Net and gross calorific values

In the UK when estimating fleet energy consumption from vehicle mileages,  we may choose to use the tables published in official guidance (extract illustrated below) which convert distances in miles or kilometres to kWh consumptions for different classes of vehicle.

Figure 1: extract from the tables in UK Government guidance

As indicated in Figure 1, the conversion factors are stated on a net calorific value (NCV) basis. However, this is not compatible with the way we normally account for energy in the UK. We actually use gross calorific values (natural gas, which of course is our predominant fuel for static applications, is billed on a GCV basis). For consistency we should account for transport fuels on a GCV basis as well.

What difference does it make? A fuel’s gross calorific value is a measure of its total energy content, whereas NCV ignores that fraction of energy which will be lost as latent heat in water vapour in the exhaust. The higher the hydrogen content of a fuel, the greater the discrepancy. Forecourt diesel’s GCV is 6.3% higher than its NCV; for natural gas the difference is 10.8%.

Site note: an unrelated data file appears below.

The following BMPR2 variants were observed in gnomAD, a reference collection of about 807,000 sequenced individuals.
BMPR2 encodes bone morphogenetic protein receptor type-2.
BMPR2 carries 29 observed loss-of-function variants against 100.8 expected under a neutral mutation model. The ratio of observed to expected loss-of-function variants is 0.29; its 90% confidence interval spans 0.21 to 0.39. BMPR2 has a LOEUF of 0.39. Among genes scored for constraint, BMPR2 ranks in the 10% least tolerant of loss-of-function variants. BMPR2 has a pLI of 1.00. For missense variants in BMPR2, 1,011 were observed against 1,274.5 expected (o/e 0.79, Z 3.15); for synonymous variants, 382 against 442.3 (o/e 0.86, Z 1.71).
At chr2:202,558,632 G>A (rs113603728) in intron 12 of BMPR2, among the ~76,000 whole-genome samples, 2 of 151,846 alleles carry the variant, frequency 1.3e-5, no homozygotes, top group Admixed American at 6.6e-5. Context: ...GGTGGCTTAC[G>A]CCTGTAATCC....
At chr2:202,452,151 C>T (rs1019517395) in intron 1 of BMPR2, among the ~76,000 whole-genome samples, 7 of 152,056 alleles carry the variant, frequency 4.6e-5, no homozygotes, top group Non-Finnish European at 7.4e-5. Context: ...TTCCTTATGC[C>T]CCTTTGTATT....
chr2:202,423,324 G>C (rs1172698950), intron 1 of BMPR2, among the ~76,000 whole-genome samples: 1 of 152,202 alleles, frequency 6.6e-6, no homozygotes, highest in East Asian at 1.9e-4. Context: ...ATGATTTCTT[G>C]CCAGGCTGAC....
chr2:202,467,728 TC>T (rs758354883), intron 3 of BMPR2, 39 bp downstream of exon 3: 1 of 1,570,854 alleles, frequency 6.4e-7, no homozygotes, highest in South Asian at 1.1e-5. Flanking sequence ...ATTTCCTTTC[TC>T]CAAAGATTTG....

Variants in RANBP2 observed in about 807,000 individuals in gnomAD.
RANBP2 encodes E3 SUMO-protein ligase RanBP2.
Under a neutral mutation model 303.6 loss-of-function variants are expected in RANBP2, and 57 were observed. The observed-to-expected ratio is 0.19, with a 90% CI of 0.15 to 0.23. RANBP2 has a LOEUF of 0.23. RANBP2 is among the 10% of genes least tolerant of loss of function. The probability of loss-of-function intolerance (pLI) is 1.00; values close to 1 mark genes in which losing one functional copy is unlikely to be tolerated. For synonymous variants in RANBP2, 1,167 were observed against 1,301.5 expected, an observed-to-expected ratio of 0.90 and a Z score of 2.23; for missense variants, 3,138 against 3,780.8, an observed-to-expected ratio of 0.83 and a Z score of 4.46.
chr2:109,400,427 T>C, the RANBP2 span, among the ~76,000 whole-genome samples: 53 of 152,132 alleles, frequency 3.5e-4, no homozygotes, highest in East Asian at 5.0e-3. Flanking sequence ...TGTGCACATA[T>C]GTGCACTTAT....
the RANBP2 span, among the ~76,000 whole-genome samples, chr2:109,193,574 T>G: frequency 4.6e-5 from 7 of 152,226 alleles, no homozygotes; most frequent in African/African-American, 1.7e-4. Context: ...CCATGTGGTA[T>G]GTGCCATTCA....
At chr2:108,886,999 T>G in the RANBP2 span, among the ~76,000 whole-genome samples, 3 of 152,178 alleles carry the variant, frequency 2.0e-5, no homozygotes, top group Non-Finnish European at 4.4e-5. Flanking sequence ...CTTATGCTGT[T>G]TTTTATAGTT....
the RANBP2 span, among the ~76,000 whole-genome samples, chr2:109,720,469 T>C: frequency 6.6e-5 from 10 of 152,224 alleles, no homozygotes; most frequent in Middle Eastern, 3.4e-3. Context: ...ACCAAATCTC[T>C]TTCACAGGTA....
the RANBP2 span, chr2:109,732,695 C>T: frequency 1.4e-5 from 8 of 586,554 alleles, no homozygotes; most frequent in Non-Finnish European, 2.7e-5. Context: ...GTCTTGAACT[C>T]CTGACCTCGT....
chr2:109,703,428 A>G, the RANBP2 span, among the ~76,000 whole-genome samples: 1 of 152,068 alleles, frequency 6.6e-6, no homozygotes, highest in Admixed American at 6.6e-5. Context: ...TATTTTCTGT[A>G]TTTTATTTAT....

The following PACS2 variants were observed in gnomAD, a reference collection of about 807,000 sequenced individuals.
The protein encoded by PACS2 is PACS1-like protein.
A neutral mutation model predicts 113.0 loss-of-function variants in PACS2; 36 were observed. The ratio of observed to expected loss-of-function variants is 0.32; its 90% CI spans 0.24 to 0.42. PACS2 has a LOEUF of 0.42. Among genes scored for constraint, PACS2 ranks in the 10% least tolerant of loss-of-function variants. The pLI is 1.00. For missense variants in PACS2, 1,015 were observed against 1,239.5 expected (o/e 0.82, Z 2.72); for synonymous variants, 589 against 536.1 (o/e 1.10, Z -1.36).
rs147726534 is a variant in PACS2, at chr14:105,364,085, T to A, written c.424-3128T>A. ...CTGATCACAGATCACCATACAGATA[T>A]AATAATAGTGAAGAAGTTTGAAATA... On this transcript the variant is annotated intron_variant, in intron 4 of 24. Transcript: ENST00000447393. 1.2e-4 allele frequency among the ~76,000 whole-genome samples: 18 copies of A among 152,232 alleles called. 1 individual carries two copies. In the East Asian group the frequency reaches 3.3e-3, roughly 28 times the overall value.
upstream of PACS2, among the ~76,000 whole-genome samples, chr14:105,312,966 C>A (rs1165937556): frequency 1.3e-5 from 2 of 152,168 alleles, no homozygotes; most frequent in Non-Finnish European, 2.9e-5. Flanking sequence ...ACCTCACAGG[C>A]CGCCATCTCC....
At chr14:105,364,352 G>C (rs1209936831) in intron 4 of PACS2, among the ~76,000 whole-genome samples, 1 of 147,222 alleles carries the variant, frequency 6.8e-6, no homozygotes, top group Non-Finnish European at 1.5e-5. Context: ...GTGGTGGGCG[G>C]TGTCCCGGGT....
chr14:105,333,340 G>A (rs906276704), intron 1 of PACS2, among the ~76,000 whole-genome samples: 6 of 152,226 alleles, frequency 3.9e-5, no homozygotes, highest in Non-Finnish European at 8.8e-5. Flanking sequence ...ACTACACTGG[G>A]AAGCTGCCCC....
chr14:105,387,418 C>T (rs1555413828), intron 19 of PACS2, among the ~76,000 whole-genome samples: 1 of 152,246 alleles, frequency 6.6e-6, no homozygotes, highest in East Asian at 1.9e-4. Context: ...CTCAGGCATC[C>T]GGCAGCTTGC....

To convert kWh quantities based on NCV to their GCV equivalent you need to multiply by the following factors:

Aviation Spirit 1.053
Aviation Turbine Fuel 1.053
Burning Oil 1.053
Butane 1.084
Coal (domestic) 1.053
Coal (electricity generation) 1.053
Coal (electricity generation – home produced coal only) 1.053
Coal (industrial) 1.053
Coking Coal 1.053
Diesel (100% mineral diesel) 1.064
Diesel (average biofuel blend) 1.063
Fuel Oil 1.064
Gas Oil 1.064
Lubricants 1.064
LPG 1.074
Naphtha 1.053
Natural Gas 1.108
Natural Gas (100% mineral blend) 1.108
Other petroleum gas 1.087
Petroleum coke 1.053
Petrol (100% mineral petrol) 1.053
Petrol (average biofuel blend) 1.055
Propane 1.086
Waste oils 1.071